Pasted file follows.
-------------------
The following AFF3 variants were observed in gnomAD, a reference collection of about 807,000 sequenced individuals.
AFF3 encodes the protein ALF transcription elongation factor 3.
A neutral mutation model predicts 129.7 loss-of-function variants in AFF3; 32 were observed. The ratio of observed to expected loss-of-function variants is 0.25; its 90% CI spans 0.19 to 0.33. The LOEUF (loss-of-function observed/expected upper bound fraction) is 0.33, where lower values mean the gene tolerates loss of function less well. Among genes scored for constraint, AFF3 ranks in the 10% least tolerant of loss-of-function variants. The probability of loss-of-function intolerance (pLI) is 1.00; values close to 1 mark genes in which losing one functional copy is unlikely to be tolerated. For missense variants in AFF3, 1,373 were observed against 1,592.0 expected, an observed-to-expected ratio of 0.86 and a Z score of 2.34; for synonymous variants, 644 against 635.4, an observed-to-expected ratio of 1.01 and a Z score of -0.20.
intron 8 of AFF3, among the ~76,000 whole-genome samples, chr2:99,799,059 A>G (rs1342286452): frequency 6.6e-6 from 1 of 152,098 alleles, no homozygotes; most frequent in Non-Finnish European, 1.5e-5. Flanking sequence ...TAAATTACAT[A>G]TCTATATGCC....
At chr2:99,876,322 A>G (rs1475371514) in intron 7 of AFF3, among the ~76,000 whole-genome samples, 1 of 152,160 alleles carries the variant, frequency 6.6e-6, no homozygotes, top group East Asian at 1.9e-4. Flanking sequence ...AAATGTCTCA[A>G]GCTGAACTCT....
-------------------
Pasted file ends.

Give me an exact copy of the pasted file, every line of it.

The following AFF3 variants were observed in gnomAD, a reference collection of about 807,000 sequenced individuals.
AFF3 encodes the protein ALF transcription elongation factor 3.
A neutral mutation model predicts 129.7 loss-of-function variants in AFF3; 32 were observed. The ratio of observed to expected loss-of-function variants is 0.25; its 90% CI spans 0.19 to 0.33. The LOEUF (loss-of-function observed/expected upper bound fraction) is 0.33, where lower values mean the gene tolerates loss of function less well. Among genes scored for constraint, AFF3 ranks in the 10% least tolerant of loss-of-function variants. The probability of loss-of-function intolerance (pLI) is 1.00; values close to 1 mark genes in which losing one functional copy is unlikely to be tolerated. For missense variants in AFF3, 1,373 were observed against 1,592.0 expected, an observed-to-expected ratio of 0.86 and a Z score of 2.34; for synonymous variants, 644 against 635.4, an observed-to-expected ratio of 1.01 and a Z score of -0.20.
intron 8 of AFF3, among the ~76,000 whole-genome samples, chr2:99,799,059 A>G (rs1342286452): frequency 6.6e-6 from 1 of 152,098 alleles, no homozygotes; most frequent in Non-Finnish European, 1.5e-5. Flanking sequence ...TAAATTACAT[A>G]TCTATATGCC....
At chr2:99,876,322 A>G (rs1475371514) in intron 7 of AFF3, among the ~76,000 whole-genome samples, 1 of 152,160 alleles carries the variant, frequency 6.6e-6, no homozygotes, top group East Asian at 1.9e-4. Flanking sequence ...AAATGTCTCA[A>G]GCTGAACTCT....